Sunday, 17 December 2017

Cambrian Jellyfish Embryos Haven’t Evolved in “500 Million Years”

Image courtesy of the University of Bristol

Joel Kontinen

Microfossils known as Pseudooides (‘false eggs’) are the inspiration behind a story issued by the University of Bristol. Smaller than grains of sand, they nevertheless succeed in wrecking Darwinian thinking on how things are supposed to change:

Everyone wants to be with their family for Christmas, but spare a thought for a group of orphan fossils that have been separated from their parents since the dawn of animal evolution, over half a billion years ago.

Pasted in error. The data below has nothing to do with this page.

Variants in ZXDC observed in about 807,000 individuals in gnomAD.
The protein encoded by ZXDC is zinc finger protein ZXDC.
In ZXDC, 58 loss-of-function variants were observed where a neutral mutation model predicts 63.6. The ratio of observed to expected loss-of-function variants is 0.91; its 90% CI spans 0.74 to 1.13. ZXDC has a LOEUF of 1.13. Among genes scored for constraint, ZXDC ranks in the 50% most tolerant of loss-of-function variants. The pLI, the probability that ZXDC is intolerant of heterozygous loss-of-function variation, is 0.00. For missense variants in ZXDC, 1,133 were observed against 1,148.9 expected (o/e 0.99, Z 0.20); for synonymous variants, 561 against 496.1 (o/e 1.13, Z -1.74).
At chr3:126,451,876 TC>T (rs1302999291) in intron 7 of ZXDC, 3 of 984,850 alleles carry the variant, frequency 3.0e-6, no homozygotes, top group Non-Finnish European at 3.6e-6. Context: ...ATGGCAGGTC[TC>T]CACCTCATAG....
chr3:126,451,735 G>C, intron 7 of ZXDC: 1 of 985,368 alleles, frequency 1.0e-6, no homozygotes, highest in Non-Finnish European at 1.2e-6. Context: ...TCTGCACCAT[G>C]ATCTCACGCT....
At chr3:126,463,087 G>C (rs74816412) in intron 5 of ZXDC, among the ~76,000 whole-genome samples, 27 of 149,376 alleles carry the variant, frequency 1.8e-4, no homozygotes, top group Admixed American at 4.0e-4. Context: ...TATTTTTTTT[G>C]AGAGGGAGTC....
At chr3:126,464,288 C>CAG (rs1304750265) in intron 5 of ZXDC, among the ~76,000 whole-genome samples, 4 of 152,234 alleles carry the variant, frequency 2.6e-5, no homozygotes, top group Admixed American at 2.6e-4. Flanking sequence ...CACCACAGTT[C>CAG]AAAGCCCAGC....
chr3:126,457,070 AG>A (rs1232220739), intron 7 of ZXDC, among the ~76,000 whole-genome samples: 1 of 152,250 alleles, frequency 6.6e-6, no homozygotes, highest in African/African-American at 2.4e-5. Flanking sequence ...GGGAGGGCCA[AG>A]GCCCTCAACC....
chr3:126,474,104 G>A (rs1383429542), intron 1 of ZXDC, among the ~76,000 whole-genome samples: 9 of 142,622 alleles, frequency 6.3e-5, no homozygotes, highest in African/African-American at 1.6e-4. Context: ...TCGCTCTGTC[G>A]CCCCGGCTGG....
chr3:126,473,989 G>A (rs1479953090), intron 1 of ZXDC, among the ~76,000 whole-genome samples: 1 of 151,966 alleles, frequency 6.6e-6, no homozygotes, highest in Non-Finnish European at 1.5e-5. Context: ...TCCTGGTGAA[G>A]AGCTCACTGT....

Seen from a Darwinian perspective, the problem is that they haven’t changed since the Cambrian Era:

Pseudooides fossils have a segmented middle like the embryos of segmented animals, such as insects, inspiring grand theories on how complex segmented animals may have evolved.

A team of paleontologists from the University of Bristol’s School of Earth Sciences and Peking University have now peered inside the Pseudooides embryos using X-rays and found features that link them to the adult stages of another fossil group.

It turns out that these adult stages were right under the scientists’ noses all along: they have been found long ago in the same rocks as Pseudooides.

Surprisingly, these long-lost family members are not complex segmented animals at all, but ancestors of modern jellyfish.

“500 million” years is a long time for the oxymoron known as evolutionary stasis, i.e. absence of change.


University of Bristol. 2017. Fossil orphans reunited with their parents after half a billion years. (13 December).